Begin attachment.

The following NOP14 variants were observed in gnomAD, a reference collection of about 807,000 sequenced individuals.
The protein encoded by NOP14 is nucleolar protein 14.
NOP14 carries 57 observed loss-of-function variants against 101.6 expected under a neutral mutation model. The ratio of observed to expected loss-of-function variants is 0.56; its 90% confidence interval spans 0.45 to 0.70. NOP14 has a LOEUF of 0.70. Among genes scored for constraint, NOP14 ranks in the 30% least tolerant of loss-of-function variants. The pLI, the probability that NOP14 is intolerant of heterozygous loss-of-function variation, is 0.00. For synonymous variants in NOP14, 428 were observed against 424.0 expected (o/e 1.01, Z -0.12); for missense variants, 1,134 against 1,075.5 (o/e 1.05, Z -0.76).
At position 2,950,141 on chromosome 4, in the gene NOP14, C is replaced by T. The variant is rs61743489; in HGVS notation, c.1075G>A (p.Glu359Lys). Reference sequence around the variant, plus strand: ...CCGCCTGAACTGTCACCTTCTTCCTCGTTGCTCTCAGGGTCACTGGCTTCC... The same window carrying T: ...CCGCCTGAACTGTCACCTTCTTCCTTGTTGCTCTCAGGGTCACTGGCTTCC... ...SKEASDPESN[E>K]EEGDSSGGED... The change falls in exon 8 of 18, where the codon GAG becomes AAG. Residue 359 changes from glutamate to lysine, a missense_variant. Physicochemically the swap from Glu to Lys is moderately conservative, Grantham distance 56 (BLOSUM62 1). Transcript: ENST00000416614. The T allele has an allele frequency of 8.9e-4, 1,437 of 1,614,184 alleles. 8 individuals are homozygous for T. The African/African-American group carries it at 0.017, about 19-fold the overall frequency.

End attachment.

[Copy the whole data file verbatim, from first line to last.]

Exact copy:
The following NOP14 variants were observed in gnomAD, a reference collection of about 807,000 sequenced individuals.
The protein encoded by NOP14 is nucleolar protein 14.
NOP14 carries 57 observed loss-of-function variants against 101.6 expected under a neutral mutation model. The ratio of observed to expected loss-of-function variants is 0.56; its 90% confidence interval spans 0.45 to 0.70. NOP14 has a LOEUF of 0.70. Among genes scored for constraint, NOP14 ranks in the 30% least tolerant of loss-of-function variants. The pLI, the probability that NOP14 is intolerant of heterozygous loss-of-function variation, is 0.00. For synonymous variants in NOP14, 428 were observed against 424.0 expected (o/e 1.01, Z -0.12); for missense variants, 1,134 against 1,075.5 (o/e 1.05, Z -0.76).
At position 2,950,141 on chromosome 4, in the gene NOP14, C is replaced by T. The variant is rs61743489; in HGVS notation, c.1075G>A (p.Glu359Lys). Reference sequence around the variant, plus strand: ...CCGCCTGAACTGTCACCTTCTTCCTCGTTGCTCTCAGGGTCACTGGCTTCC... The same window carrying T: ...CCGCCTGAACTGTCACCTTCTTCCTTGTTGCTCTCAGGGTCACTGGCTTCC... ...SKEASDPESN[E>K]EEGDSSGGED... The change falls in exon 8 of 18, where the codon GAG becomes AAG. Residue 359 changes from glutamate to lysine, a missense_variant. Physicochemically the swap from Glu to Lys is moderately conservative, Grantham distance 56 (BLOSUM62 1). Transcript: ENST00000416614. The T allele has an allele frequency of 8.9e-4, 1,437 of 1,614,184 alleles. 8 individuals are homozygous for T. The African/African-American group carries it at 0.017, about 19-fold the overall frequency.